Night had just begun to fall, and as soon as the potion was ready, she and Caylis would depart back into the sea to find the evil faerie Nerina. The less the potion bubbled, the harder against her chest Adimaris could feel her heart pumping, though she was even more terrified about what Leglus had to do once they found her. Adimaris still wasn't sure how the pirates planned to follow she and Caylis without being noticed - after all, there were loads of them - but they all seemed very confident.
"Adimaris," Caylis' voice came to her, coaxing her away from her worried thoughts. She turned her eyes from the calm sea and to the Maraquan Aisha.
"Yes, Caylis?" she asked, and reluctantly turned completely away from the sea and toward the bubbling cauldron. "Is it ready?"
Caylis gazed into the cauldron thoughtfully before carefully dipping a finger into the liquid. Adimaris winced in response, but Caylis didn't seem to be in any pain.
"It's warm," she said, "but not unbearable. We can start bottling it up now."
The shadow Aisha, who'd barely spoken at all during their potion-making, inserted a skeptical paw into the potion before nodding. "I'll get the bottles," he offered, and then ran off.
"He'll be fine, Adimaris," Caylis whispered once the Aisha was gone. "There's something about him - he's strong."
"Stubborn is more like it," Adimaris muttered. She'd spent the majority of her life worrying over the foolish Xweetok, but it never got any better, especially since his decision to become a pirate. That was an encounter she'd never forget.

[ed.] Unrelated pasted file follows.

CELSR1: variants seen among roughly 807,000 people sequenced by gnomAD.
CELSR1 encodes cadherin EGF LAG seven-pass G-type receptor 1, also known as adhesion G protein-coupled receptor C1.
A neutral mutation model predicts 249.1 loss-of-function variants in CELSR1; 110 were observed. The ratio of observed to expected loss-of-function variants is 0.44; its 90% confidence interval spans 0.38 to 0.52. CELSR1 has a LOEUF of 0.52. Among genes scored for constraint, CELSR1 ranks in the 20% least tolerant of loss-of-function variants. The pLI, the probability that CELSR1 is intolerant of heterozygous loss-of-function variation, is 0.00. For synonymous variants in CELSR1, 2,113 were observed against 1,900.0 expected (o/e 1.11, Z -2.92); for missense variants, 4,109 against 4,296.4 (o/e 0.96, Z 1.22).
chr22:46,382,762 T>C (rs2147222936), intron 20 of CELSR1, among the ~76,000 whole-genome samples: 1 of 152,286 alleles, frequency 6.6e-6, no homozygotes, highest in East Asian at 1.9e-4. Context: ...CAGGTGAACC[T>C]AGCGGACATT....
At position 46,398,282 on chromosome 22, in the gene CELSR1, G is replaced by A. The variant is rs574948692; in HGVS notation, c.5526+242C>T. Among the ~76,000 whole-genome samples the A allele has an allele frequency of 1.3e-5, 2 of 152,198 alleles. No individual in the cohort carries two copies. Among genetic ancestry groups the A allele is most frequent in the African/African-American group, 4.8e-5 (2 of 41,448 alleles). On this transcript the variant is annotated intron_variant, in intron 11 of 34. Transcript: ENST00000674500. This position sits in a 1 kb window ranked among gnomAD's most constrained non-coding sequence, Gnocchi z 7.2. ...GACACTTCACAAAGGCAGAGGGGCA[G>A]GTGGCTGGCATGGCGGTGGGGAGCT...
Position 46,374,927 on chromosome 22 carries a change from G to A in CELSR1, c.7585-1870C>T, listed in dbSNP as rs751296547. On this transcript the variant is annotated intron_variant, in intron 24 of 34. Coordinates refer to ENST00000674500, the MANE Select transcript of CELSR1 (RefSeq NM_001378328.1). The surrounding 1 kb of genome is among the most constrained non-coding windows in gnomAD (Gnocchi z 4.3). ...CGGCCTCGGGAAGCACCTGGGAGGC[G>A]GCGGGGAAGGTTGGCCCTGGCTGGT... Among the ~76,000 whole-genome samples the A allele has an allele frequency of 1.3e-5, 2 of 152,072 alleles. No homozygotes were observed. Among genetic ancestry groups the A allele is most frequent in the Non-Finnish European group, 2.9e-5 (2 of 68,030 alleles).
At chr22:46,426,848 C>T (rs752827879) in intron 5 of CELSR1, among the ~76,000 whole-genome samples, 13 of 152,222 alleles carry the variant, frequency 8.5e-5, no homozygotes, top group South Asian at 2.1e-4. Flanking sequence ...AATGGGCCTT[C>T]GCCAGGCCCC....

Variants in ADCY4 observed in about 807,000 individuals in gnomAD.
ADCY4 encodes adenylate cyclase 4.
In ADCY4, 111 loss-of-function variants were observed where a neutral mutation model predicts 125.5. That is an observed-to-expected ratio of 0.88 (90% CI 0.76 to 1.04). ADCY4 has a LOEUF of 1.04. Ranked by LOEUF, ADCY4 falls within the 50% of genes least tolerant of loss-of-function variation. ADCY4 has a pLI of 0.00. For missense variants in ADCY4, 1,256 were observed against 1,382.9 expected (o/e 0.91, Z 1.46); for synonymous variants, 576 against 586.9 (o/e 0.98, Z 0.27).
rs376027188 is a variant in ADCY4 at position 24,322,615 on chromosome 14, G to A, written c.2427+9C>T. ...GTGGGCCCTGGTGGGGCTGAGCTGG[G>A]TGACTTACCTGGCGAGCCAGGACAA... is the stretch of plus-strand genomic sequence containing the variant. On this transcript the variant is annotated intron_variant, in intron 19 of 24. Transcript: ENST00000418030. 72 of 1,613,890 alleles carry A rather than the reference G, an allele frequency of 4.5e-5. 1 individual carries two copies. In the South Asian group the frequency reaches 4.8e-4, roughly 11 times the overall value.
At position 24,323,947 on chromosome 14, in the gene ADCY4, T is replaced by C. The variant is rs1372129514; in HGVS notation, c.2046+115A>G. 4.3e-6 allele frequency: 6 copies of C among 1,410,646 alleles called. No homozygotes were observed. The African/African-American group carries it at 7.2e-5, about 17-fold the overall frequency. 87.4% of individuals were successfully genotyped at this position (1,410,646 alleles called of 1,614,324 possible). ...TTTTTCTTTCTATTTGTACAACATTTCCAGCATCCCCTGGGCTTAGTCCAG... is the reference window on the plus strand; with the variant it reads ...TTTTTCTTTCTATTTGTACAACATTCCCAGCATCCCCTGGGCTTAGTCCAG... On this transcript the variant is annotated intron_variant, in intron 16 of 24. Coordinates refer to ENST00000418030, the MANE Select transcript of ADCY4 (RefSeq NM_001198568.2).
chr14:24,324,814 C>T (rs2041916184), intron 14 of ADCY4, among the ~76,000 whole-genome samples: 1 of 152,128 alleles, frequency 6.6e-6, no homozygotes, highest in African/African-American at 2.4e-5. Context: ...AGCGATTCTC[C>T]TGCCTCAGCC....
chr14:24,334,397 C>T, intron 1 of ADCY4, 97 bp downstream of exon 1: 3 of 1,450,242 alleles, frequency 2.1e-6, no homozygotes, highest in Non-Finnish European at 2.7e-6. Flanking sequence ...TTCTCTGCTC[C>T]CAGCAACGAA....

"Piracy? Really, Leglus? What are you thinking?" she'd yelled at him while they sat on their old beach under the stars. She'd found him that day as she always seemed to find him - building sandcastles. She never understood why he did it, why he never outgrew it, but he never did. When she'd come to the surface, he was always sitting there on the beach, building sandcastles. It was so childishly innocent, she'd never asked.
"Yeah," Leglus had told her. "Calm down, Adi. I'm not going to be killing anyone or anything."
"No," she'd said, thoroughly unconvinced, "you'll just rob them."
Leglus had rolled his eyes at her, used to her attitude by then. "Oh, please," he'd said. "What's the big deal? Besides, I'm doing it more for the sailing and adventure than anything else."